CompTox Dashboard (EPA)
Except where otherwise noted, data are given for materials in their standard state (at 25 °C [77 °F], 100 kPa).
Cellulose diacetate, sometimes called diacetate, is a synthetic polymer made by treating cellulose with acetic acid. It consists of two acetyl functional groups on each unit of D-anhydroglucopyranose of the cellulose molecule. It was first developed in the United States.
It is fragile since it is based on cellulose. When cellulose diacetate deteriorates, it shrinks and releases acetic acid causing vinegar syndrome.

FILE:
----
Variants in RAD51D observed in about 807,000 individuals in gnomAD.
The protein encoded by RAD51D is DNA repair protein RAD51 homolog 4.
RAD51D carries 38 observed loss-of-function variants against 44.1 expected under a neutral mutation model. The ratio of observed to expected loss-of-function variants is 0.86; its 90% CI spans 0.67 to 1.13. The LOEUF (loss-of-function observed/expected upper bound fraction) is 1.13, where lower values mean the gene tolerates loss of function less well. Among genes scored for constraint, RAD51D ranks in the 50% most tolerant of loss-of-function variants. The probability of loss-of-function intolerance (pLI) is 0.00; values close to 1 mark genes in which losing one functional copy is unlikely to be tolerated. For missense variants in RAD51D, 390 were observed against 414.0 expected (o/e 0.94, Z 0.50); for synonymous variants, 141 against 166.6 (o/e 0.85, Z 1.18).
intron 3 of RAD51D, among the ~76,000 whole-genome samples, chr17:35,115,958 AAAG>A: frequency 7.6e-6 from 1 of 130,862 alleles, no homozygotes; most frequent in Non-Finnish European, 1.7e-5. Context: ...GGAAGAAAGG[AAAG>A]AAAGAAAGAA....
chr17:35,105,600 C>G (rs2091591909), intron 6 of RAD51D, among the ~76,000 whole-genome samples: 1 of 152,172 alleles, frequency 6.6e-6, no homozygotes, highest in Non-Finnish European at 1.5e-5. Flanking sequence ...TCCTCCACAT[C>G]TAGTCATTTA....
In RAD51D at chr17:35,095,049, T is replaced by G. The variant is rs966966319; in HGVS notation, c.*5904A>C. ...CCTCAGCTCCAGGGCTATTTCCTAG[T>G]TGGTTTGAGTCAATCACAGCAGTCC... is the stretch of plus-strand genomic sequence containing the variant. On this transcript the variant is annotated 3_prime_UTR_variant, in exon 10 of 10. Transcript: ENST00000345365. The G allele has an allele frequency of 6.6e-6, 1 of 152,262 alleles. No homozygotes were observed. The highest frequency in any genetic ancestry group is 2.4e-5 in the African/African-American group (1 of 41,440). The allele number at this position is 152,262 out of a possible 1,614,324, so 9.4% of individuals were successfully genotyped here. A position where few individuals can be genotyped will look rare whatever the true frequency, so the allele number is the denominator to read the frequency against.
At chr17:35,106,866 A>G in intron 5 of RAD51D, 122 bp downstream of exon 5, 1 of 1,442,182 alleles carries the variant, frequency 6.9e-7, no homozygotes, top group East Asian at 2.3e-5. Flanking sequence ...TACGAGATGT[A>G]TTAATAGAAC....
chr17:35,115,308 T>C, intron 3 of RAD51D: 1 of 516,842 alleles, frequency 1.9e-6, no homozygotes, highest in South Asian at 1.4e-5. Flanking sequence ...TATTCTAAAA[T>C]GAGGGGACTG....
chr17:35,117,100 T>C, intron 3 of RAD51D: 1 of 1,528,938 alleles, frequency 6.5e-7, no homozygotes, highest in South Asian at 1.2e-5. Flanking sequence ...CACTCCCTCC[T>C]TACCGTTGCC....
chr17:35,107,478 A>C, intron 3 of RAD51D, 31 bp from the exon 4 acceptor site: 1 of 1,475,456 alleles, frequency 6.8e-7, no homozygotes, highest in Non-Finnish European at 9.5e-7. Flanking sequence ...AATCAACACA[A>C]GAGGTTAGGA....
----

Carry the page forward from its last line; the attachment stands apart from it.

Cellulose diacetate has been used to make fabrics, membranes, filaments, and many consumer products. From 1922 to 1957 it was used to make film stock, mainly in smaller formats such as 8 mm, 16 mm, 35 mm, and 70 mm. It has also been used in seed coating applications.
In photography, a film substrate made from cellulose diacetate is called safety film.
Cellulose diacetate is biodegradable and hydrophilic.